Using CorSense for Longer Readings (Biofeedback)
It is fine to use CorSense for Biofeedback readings, which are often quite a bit longer than Morning Readiness readings, as long as you are at rest for the duration of the reading.
Some users find that the CorSense loses their pulse during these readings. A finger is much more likely to lose circulation when held in certain positions for long periods. Additionally, if the CorSense is slightly too tight on the finger, this could contribute to losing the pulse signal.
We have 3 recommendations:
1. If the CorSense does feel slightly tight on the finger, gently insert your thumb sideways into the CorSense. This will safely stretch the neck of the CorSense, the next time you go to take a reading, it won't fit quite as tightly and your finger circulation should benefit.
2. Check your hydration level. If you are not properly hydrated, your blood volume may be reduced, making it more difficult for the CorSense to pick up your pulse.
3. Try a different finger or even reading position. We've included some examples below:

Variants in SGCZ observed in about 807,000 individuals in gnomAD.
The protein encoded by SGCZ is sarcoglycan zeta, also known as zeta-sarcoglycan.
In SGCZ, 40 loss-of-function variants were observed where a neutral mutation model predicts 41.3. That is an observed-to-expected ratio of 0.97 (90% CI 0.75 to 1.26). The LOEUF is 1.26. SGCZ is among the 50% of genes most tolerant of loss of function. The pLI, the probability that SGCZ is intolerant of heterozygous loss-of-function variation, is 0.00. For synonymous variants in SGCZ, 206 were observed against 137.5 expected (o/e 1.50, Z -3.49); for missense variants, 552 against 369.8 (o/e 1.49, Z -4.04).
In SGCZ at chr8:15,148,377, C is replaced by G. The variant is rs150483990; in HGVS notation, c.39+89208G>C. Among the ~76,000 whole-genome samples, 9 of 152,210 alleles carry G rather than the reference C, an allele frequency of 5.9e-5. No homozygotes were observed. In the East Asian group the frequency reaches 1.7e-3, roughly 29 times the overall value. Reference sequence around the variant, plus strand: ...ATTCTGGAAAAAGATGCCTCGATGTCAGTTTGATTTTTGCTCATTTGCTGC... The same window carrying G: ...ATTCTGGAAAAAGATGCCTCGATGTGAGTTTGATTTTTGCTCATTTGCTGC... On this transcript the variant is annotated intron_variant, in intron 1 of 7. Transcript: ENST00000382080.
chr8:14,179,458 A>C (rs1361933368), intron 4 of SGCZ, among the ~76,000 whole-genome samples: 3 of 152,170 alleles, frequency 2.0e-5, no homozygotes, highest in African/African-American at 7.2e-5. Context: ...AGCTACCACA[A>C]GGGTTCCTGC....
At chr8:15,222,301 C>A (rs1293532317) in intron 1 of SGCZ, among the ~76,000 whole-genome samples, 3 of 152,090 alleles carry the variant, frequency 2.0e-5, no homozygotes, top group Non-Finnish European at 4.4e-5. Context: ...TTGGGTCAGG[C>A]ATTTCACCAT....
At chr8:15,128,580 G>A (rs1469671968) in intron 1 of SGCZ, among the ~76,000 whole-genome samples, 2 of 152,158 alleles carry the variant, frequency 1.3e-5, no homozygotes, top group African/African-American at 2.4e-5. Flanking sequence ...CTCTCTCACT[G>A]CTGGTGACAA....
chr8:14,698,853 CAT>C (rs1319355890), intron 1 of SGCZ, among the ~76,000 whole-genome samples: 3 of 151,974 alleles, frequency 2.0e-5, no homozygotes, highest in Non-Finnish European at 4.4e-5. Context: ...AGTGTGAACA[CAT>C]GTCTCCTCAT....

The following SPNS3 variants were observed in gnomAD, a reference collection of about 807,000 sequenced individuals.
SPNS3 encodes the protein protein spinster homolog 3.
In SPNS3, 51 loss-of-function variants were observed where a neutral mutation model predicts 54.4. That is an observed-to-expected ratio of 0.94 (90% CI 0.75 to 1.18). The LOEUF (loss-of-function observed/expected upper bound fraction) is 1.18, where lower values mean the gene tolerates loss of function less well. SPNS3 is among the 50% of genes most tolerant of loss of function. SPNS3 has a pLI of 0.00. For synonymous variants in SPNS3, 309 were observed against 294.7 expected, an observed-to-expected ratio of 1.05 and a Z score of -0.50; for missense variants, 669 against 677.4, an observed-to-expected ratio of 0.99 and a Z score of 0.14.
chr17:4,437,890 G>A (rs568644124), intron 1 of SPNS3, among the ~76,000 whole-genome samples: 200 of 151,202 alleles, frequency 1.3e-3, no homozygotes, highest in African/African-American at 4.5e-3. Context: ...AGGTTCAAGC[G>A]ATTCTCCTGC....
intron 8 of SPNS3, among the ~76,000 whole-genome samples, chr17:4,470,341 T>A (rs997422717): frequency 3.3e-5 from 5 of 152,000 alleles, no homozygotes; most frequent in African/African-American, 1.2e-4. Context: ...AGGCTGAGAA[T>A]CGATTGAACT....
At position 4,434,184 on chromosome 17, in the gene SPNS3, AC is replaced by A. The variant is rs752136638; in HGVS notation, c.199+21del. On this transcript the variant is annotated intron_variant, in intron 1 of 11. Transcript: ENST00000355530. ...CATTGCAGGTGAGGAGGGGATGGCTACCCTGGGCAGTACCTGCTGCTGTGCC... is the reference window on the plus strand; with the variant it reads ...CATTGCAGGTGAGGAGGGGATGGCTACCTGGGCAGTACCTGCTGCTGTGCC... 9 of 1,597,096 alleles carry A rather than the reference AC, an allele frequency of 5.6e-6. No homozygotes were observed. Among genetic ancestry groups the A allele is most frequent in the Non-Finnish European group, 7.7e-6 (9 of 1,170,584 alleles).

- Seated in a chair
- Hand resting still in lap
- Palm facing up
- Comfortable back position
- Lying in bed (supine)
- Hand resting gently on hip
- Palm facing down
- Arm still
- Seated at a table
- Sit back in chair
- Do not lean weight on the table
- Arm resting gently on table with neutral wrist position
- Finger not pressing into table at all
Some users have expressed concern about taking their biofeedback readings in a different position than their Morning Readiness readings. The good news is that the biofeedback readings do not affect your Morning Readiness baseline. As long as you take your Morning Readiness readings in the (same) position of your choice every day, the results will be consistent and you do not need to worry about your reading position for Biofeedback or other readings.
Your HRV baseline is only informed by your Morning readiness readings, so any biofeedback, open readings, or snapshots have no impact on your baseline calculation.
The benefit you see from your biofeedback sessions should be apparent both acutely (during or immediately after your session), and in the long term, as you'll naturally see your baseline HRV go up slowly over time as your biofeedback sessions help support your recovery (this is assuming no other major changes or stressors will be pushing it in the other direction).
To keep track of how the biofeedback sessions affect your long-term HRV, be sure to use the tagging feature to track other factors like sleep, exercise, any changes in nutrition, fasting, other recovery techniques, or emotional/mental stressors that may be affecting you. Paired with tagging, your daily HRV can be a very powerful tool to provide insight into your autonomic nervous system.